Traditionally and also in my own personal experience, the most difficult time of the year for fundraising is June, July, and August. During this period of the year people are most often preoccupied with summer vacations, weddings, and are gearing up for back to school for themselves or their children.
I’ve personally had no choice with many of my projects to fundraise during these slower months so I can attest that success is still possible. Just be prepared for more of an uphill battle if this is also the case for you and your campaign.
Another issue that often comes up during a crowdfunding campaign is what is going on in the world on any given day. If a 7.5 earthquake has just devastated a major world city, you can bet that anyone inclined to donate to a worthy cause will be donating to support earthquake victims instead (as they should.)
In my eleven years of constant crowdfunding, these kinds of events are obviously unfortunate but also unavoidable.
The world is not going to stop turning while you are raising money online. If such a major disaster occurs during your project’s run, just pause your efforts for a few days or more and gently restart once the initial shock has worn off. After all, the large humanitarian organizations will provide the major help to millions. Your efforts are smaller but no less noble. You can remind your potential donors of this fact while also acknowledging world events and even provide useful links your donors can visit and help once they’ve supported your project first.
So once you’ve found the perfect Monday in November on a slow news-day to hit the “publish” or “go live” button on your campaign, what should you do next?
Getting Your First Donation
Donate! (Yes, I’m talking to you.) That’s right, I know we are here to get other people to support your project, but who wants to look at, let alone donate to a project with a big fat $0 raised so far? Not me. Not anyone, except maybe your Mom. (We’ll talk about her in a moment.)
First, you’ll need to set an example and donate $50, $25, or even just $10 to your own cause. It’s up to you if you want to put your name down. (I always do.) Some platforms give you the option to donate anonymously as well as decide if you want to reveal the exact amount donated or not.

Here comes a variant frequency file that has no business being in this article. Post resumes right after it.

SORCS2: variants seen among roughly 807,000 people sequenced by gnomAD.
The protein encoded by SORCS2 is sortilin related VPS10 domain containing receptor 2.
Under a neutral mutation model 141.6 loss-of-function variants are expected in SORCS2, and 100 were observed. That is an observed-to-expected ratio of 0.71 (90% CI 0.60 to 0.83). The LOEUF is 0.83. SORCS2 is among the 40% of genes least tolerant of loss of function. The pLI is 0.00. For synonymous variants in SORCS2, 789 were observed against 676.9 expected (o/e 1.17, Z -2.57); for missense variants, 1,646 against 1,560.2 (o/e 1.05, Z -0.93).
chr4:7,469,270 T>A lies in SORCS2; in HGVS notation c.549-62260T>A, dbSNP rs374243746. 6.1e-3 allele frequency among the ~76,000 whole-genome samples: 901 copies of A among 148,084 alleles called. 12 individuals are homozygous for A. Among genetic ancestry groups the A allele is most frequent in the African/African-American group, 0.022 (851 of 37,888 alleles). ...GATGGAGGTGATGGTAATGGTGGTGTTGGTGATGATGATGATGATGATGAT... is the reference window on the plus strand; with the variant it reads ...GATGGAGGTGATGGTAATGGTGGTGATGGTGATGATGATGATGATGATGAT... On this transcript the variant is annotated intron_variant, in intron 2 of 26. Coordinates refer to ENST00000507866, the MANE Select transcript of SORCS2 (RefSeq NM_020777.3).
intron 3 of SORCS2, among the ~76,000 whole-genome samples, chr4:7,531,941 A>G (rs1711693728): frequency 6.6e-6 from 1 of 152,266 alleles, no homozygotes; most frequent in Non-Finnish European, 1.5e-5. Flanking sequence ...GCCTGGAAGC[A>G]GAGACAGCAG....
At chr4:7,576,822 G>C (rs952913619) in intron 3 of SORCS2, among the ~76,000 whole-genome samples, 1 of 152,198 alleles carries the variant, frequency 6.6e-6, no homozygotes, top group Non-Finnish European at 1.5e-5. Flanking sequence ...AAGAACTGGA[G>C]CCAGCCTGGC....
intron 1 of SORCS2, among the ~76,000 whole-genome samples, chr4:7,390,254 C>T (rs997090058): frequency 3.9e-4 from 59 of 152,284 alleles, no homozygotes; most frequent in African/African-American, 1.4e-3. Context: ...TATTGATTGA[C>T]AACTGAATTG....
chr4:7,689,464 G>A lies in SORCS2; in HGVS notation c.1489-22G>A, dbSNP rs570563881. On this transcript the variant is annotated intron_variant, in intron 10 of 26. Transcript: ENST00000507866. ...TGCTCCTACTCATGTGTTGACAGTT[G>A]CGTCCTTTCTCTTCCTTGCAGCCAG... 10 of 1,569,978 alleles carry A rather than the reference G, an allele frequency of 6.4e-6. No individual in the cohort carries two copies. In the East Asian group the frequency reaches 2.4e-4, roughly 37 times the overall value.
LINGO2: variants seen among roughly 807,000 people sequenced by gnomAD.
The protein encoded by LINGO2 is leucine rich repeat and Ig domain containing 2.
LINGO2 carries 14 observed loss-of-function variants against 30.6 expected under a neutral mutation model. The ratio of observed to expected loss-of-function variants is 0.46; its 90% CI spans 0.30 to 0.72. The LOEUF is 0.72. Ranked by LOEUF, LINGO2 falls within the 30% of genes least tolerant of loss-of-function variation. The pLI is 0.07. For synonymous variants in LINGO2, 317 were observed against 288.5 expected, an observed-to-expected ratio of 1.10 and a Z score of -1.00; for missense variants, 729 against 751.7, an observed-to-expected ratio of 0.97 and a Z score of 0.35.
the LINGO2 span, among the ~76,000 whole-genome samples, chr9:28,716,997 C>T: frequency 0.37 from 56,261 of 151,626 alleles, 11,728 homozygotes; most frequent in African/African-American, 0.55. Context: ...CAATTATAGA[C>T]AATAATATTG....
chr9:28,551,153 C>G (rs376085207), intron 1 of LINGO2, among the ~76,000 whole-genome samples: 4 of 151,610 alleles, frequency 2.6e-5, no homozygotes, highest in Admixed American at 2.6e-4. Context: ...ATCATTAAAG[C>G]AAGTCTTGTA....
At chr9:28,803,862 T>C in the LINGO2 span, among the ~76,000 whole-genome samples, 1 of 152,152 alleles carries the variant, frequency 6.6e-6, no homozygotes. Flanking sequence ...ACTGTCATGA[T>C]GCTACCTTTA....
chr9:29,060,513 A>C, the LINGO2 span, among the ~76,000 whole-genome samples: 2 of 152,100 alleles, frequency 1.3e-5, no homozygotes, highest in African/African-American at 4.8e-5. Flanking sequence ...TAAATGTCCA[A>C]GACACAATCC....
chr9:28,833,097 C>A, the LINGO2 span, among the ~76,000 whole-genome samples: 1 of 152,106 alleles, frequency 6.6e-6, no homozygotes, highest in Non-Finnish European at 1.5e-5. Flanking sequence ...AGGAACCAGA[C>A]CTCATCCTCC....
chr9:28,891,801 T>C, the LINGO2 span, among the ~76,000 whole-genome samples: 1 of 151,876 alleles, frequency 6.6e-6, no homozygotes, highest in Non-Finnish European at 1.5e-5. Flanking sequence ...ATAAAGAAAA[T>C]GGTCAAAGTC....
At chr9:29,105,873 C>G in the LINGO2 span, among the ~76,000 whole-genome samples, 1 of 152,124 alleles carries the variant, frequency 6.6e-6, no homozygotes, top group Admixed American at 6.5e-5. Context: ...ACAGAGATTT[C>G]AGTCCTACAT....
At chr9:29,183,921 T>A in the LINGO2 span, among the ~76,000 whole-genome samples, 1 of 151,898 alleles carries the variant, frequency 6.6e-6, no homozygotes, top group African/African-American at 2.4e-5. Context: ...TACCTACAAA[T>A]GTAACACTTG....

Aside from giving your campaign a nice little first shot in the arm, your first donation also allows you to test and ensure that your online payment system is working. You wouldn’t want to find out later that people tried to donate but couldn’t because a link was broken or similar. It’s best to nip these things in the bud right away.
Congratulations! You’ve gotten your first donation. It’s the hardest and yet easiest one to get. Now we’ve got to get some more bodies out on the dance floor while the music is still playing.
Getting Supporters on the First Day
For the rest of the day (and then week) we are now going to let the world know about your project. Some of you will be delighted at how quickly the donations start rolling in. Others will be shocked at the apathy of the people closest to you. Most likely it’s not even anything personal. Your success or failure really depends on the nature and scope of your project + how and when you ask + whom you are asking +how determined and persistent you are.
I’ve been through ALL of it: the first burst of hope and enthusiasm, the surprising apathy of others, the lack of progress, the fear of failure, the re-burst of momentum, and later the glorious success of a completed project and interviews with podcasts, newspapers, and magazines asking me to recount how I helped make the world a better place.
After making the first donation, I recommend a heartfelt, but BRIEF and persuasive Facebook posting to your friends and network. Make sure you have an attention-grabbing visual and the link to your donation page. Use a line at the start or (preferably) end of your post that is a call to action. “Please support X by making a small gift of ANY amount, even $1 and/or sharing this campaign.”
There’s a wonderful article on CoSchedule.com called “Emotional Headlines Get Shared More on Social Media.”